In 2019, experts estimate approximately 52,000 people will develop thyroid cancer. The thyroid is a butterfly-shaped endocrine gland in the front of the neck. A healthy thyroid produces hormones that are critical to a wide variety of bodily functions. Among its multiple roles, thyroid hormone helps regulate metabolism, physical growth, and regulate body temperature. It also orchestrates the regulation of other hormones in the body. If abnormal cells grow in this gland, thyroid cancer can develop. Though any cancer diagnosis is frightening, thyroid cancer has a five-year survival rate of 98%. Seeking medical attention for early symptoms is the best way to have a positive prognosis.
Even though symptoms are often absent in the earliest stages of thyroid cancer, a lump or nodule in the neck is one of the initial signs. Not all nodules are cancerous. Doctors will closely examine those that are solitary, grow rapidly, and are hard, painless, and do not easily move with routine palpation. If a doctor discovers swelling or a lump, he or she may order a biopsy. If the test results are inconclusive, the patient may require further tests.
People with thyroid cancer may notice swollen lymph nodes. Without the presence of other ear, nose, or throat symptoms, this can be indicative of thyroid cancer. Your doctor will often discover this swelling during a routine check-up. Any persistent swelling around the neck area is a good reason to make a doctor’s appointment.
Even without a lump or swelling, people with thyroid cancer sometimes experience pain in the neck. Thyroid cancer is a rare cause of this pain and discomfort, however. Anyone who experiences neck pain that does not resolve within a week should have a doctor investigate.
Dysphagia is difficulty swallowing. The symptom can cause pain or discomfort and, though dysphagia can be caused by many issues, it can be a sign of cancer quickly progressing. The growing tumor can compress the esophagus. People with dysphagia should seek medical attention immediately.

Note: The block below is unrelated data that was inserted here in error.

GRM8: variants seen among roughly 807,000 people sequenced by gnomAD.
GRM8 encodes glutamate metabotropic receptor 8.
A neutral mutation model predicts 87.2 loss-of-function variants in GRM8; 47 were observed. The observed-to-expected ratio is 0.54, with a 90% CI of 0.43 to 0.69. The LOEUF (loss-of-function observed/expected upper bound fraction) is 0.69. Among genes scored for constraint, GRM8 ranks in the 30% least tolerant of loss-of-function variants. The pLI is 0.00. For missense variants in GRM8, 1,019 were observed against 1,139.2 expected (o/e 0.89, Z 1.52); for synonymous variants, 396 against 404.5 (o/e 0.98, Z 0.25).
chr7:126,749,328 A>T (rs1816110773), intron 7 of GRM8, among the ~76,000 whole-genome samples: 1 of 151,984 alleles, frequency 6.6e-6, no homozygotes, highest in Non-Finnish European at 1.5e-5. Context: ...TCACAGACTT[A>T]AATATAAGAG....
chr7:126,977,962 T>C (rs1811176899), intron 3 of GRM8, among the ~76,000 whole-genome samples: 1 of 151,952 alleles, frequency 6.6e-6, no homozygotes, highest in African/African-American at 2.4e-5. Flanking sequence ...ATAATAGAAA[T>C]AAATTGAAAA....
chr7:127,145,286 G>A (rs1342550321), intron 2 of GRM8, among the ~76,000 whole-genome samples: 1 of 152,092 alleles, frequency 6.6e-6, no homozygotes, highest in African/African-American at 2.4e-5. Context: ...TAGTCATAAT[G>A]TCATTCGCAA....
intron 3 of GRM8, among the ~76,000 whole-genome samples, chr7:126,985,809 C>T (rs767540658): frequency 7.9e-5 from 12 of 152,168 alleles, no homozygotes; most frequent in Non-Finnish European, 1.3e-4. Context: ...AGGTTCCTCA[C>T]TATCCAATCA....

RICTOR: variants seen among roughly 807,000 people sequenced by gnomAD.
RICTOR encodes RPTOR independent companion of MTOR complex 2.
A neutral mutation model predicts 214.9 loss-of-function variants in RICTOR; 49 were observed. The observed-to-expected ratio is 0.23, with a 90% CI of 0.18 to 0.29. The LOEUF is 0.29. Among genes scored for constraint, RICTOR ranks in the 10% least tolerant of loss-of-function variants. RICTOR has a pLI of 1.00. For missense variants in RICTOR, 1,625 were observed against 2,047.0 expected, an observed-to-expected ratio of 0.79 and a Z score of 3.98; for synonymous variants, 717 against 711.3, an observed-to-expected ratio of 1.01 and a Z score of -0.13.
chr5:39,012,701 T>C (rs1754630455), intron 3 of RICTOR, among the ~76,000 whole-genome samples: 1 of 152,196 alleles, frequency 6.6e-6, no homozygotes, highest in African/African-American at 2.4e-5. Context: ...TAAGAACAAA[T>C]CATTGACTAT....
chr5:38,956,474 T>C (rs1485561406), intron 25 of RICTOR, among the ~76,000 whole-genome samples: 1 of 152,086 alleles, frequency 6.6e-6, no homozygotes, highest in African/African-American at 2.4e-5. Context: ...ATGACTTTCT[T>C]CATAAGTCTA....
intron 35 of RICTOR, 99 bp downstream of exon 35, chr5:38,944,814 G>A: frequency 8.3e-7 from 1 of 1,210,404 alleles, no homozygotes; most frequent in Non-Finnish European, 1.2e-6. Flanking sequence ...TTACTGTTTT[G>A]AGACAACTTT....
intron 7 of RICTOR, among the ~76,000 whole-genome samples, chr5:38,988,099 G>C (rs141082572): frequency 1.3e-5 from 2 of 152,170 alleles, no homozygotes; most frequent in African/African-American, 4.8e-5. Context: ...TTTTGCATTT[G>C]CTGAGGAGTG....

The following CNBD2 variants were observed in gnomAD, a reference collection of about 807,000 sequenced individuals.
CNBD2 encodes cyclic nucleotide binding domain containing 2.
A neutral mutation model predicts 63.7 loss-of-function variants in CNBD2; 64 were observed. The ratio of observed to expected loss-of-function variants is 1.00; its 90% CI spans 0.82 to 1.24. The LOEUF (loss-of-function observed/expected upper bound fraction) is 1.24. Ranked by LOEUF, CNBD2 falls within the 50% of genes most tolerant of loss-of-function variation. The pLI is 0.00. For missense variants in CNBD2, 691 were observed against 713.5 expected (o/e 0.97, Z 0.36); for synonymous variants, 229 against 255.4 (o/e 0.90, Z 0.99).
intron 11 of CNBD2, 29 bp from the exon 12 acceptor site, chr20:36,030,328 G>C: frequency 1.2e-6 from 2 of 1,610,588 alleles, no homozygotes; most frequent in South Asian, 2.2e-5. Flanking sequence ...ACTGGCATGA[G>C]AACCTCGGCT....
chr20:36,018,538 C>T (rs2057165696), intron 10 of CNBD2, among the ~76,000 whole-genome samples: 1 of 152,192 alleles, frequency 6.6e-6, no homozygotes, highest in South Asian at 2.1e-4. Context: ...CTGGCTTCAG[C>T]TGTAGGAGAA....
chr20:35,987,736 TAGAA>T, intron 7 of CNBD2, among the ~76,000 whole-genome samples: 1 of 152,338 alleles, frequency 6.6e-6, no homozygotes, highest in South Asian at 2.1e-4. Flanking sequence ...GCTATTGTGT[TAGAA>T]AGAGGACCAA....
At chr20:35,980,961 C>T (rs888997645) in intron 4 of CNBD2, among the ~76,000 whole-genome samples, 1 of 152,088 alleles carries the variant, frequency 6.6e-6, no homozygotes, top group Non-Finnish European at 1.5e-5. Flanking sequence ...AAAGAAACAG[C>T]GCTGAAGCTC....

Thyroid tumors may develop near the trachea or windpipe, causing labored breathing. Although this type of tumor is rare, it can cause extreme discomfort or pain. Any person with trouble breathing should discuss their concern with a doctor. Many serious issues present with trouble breathing.
The majority of thyroid cancer symptoms relate to the neck area. Wheezing is one such symptom, occurring when constricted airways prevent air from freely passing through. Tumors put pressure on the airways and can result in a constant wheeze.
When a lump or nodule in the thyroid presses against the voice box, it may cause mild to severe vocal changes. Locally advanced tumors can paralyze the vocal cords. If left untreated, thyroid cancer can spread to the laryngeal nerve, lungs, and bone.
People with thyroid cancer can develop a lingering cough. Some people initially mistake this symptom for a respiratory infection, but the cough will generally outlast other symptoms of a cold if thyroid cancer is the cause. If a cough lasts longer than two weeks, see a doctor.
Some viruses may have a link to thyroid cancer, including hepatitis C and Epstein-Barr. Scientists found this association, but more research is needed to consider these infections as triggers. This risk of developing cancer in relation to these infections seem to be higher in children than in adults. Thyroid cancer is one of the most most common cancer affecting children. Parents of children who have contracted these viruses should be aware of thyroid symptoms.
Some studies show a link between hyperthyroidism caused by Graves' disease and thyroid cancer. People with Graves' disease are at higher risk for thyroid cancer. Overproduction of thyroid hormones in Graves' disease leads to weight loss, difficulty sleeping, and rapid heart rate. People with hyperthyroidism or Graves’ disease should undergo cancer screenings more often than those without these conditions.
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